Fort Griswold

Fort Griswold is a former American defensive fortification in Groton, Connecticut named after Deputy Governor Matthew Griswold. The fort played a key role in the early stages of the American Revolutionary War, in correspondence with Fort Trumbull on the opposite side of the Thames River. Griswold defended the port of New London, Connecticut, a supply center for the Continental Army and friendly port for Connecticut-sanctioned privateers who attacked British ships.[1] The 17-acre site is maintained as Fort Griswold Battlefield State Park by the Connecticut Department of Energy and Environmental Protection.[2][3]

Fort Griswold
FortGriswold wiki.JPG
River or Lower battery.
LocationBounded by Baker Ave., Smith St., Park Ave., Monument Ave., and Thames River
Groton, Connecticut
WebsiteFort Griswold Battlefield State Park
NRHP reference No.70000694
Added to NRHPOctober 6, 1970
Classical drawing of Fort Griswold


Construction of the fort was begun on December 5, 1775 in response to the outbreak of the American Revolutionary War. It was completed in 1778 and was also called Groton Fort.[4] It is located on a hill with the ability to bombard ships entering the Thames River. About 100 feet below the main fort is a battery for additional guns which was built during the Revolutionary War and improved in the late 19th century.

In September 1781, British troops under Benedict Arnold raided and burned New London. The British were well informed of the layout of Fort Griswold, and Arnold approached the river from such an angle that its guns could not engage his fleet. The British forces divided, some to burn New London and the rest to attack the fort in the Battle of Groton Heights. The British eventually broke into the fort, and Colonel William Ledyard surrendered by handing his sword hilt-first to the commanding British officer—who took it and thrust it through Colonel Ledyard. Arnold abandoned the fort soon after and left New London in flames.[5]

Later useEdit

The fort was rebuilt and manned in several other conflicts, but the Battle of Groton Heights was its most prominent use. It was used during the War of 1812 by sailors commanded by Commodore Stephen Decatur when Decatur's three-ship squadron was blockaded by a larger British force in 1814. In the 1840s, the fort's lower battery was rebuilt for 20 guns, initially 32-pounder and 24-pounder cannons.[6]

After the American Civil War, the lower battery was redesigned to mount 10-inch Rodman guns. It was a sub-post of Fort Trumbull for most of its use by the Army, although it was never actively garrisoned after the Civil War and had an ordnance sergeant as caretaker. It was in the care of Ordnance Sergeant Mark Wentworth Smith from 1863 to 1879, a Mexican–American War veteran who was wounded at the Battle of Chapultepec. Sergeant Smith died in 1879 at age 76, the oldest active duty enlisted soldier in the history of the Army.[7] Fort Griswold became obsolete after the Spanish–American War, when Fort H. G. Wright was completed in 1906 on Fishers Island as part of the Harbor Defenses of Long Island Sound.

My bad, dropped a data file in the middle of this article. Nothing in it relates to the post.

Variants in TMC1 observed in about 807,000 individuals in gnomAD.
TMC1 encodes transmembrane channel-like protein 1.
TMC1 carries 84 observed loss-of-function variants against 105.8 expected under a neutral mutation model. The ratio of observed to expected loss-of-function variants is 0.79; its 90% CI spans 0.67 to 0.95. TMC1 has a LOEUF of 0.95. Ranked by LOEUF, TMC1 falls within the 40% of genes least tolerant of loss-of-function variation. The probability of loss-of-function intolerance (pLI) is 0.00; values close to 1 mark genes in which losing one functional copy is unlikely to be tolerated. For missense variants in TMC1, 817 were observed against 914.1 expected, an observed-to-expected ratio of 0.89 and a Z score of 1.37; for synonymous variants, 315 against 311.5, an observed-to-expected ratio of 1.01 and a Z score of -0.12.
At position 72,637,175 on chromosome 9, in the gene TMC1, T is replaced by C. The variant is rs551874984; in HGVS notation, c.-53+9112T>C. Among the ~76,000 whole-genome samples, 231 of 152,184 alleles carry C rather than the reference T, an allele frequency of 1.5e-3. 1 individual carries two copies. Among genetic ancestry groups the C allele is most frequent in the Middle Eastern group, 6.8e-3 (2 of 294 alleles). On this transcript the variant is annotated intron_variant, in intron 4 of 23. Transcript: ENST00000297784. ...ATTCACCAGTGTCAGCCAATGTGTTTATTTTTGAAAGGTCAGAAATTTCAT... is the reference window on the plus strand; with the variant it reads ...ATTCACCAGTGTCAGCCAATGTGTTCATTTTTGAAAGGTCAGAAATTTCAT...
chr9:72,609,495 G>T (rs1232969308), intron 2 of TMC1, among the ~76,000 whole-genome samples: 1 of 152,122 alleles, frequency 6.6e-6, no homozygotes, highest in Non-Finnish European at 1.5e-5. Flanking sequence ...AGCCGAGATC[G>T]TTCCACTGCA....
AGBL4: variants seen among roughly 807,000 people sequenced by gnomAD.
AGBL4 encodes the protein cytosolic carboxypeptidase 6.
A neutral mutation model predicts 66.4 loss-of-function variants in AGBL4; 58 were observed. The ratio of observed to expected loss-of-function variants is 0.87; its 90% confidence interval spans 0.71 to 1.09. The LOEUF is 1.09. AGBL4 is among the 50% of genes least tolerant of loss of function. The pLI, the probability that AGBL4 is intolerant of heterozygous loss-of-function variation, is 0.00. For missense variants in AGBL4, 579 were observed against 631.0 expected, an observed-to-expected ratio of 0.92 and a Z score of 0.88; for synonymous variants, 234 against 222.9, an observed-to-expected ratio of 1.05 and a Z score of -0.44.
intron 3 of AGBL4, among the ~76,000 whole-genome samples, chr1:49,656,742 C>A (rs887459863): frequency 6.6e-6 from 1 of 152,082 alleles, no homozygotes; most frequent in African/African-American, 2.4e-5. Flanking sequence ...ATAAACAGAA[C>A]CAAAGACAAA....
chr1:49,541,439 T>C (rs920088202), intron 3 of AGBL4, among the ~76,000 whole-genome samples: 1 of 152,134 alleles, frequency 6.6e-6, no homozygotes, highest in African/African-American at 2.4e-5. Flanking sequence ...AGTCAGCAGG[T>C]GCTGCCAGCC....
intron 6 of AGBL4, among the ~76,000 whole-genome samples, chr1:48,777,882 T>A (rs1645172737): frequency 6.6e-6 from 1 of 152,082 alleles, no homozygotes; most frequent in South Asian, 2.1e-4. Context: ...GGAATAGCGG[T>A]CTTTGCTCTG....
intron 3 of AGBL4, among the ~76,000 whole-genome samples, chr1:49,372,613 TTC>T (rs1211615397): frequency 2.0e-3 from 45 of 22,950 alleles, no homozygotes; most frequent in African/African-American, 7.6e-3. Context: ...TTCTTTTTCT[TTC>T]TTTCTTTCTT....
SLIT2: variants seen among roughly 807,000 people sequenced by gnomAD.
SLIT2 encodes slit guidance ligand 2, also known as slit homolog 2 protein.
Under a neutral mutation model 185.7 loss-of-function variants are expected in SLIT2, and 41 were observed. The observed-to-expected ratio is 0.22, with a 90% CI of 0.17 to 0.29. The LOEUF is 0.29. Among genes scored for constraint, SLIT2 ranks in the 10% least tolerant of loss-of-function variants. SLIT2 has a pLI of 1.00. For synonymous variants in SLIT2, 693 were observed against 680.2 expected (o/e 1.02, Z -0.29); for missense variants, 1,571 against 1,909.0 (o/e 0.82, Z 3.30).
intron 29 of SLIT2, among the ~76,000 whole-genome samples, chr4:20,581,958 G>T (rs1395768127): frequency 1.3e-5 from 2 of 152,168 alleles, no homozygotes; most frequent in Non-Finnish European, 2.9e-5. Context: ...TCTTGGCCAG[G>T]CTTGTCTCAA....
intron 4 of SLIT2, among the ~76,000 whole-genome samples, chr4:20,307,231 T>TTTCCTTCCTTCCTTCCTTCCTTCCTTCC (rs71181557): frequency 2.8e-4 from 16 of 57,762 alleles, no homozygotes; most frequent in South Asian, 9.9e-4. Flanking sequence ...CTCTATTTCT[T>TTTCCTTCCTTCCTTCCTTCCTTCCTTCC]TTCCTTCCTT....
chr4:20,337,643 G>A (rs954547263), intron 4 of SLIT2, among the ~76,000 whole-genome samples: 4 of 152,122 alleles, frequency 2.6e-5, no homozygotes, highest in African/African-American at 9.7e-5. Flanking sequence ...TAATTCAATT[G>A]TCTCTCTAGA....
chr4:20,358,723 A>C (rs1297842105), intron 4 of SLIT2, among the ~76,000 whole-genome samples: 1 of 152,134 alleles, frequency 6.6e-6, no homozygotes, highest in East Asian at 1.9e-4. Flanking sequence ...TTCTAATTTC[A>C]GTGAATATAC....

State parkEdit

The State of Connecticut has owned and operated the site as Fort Griswold Battlefield State Park since 1953.[2] This includes the restored earthwork battery, cannons, and a shot furnace and powder magazine. The grounds include several monuments and memorials to state residents who fought in different wars:

  • The Groton Monument is a granite obelisk dedicated to the defenders who fell during the Battle of Groton Heights. It was built between 1826 and 1830 and stands 135 feet (41 m) tall with 166 steps.
  • The adjacent Monument House Museum features exhibits about the Revolutionary War and is operated by the Daughters of the American Revolution. Visitors can climb the monument and visit the museum from Memorial Day through Labor Day.
  • The Ebenezer Avery House sheltered the wounded after the Battle of Groton Heights. It is a Revolutionary-period historic house museum that is open for tours on summer weekends.[8]

See alsoEdit


  1. ^ "Fort Griswold". Michael Meals. Retrieved October 4, 2005.
  2. ^ a b "Fort Griswold Battlefield State Park". State Parks and Forests. Connecticut Department of Energy and Environmental Protection. August 18, 2016. Retrieved September 20, 2016.
  3. ^ "Appendix A: List of State Parks and Forests" (PDF). State Parks and Forests: Funding. Staff Findings and Recommendations. Connecticut General Assembly. January 23, 2014. p. A-1. Retrieved September 20, 2016.
  4. ^ Roberts, Robert B. (1988). Encyclopedia of Historic Forts: The Military, Pioneer, and Trading Posts of the United States. New York: Macmillan. pp. 119–120. ISBN 0-02-926880-X.
  5. ^ Constance Luyster, Administrative Trainee, State Historical Commission (July 30, 1970). "Fort Griswold". National Register of Historic Places Inventory Nomination Form. National Park Service.CS1 maint: multiple names: authors list (link) and accompanying photographs
  6. ^ "History of Fort Griswold". Fort Griswold Battlefield State Park Foundation.
  7. ^ Duchesneau, John T., Troost-Cramer, Kathleen (2014). Fort Adams: A History. The History Press. pp. 42–44. Retrieved 24 November 2018.
  8. ^ "Avery House". Avery Memorial Association.

External linksEdit

Coordinates: 41°21′19″N 72°04′55″W / 41.3553°N 72.082°W / 41.3553; -72.082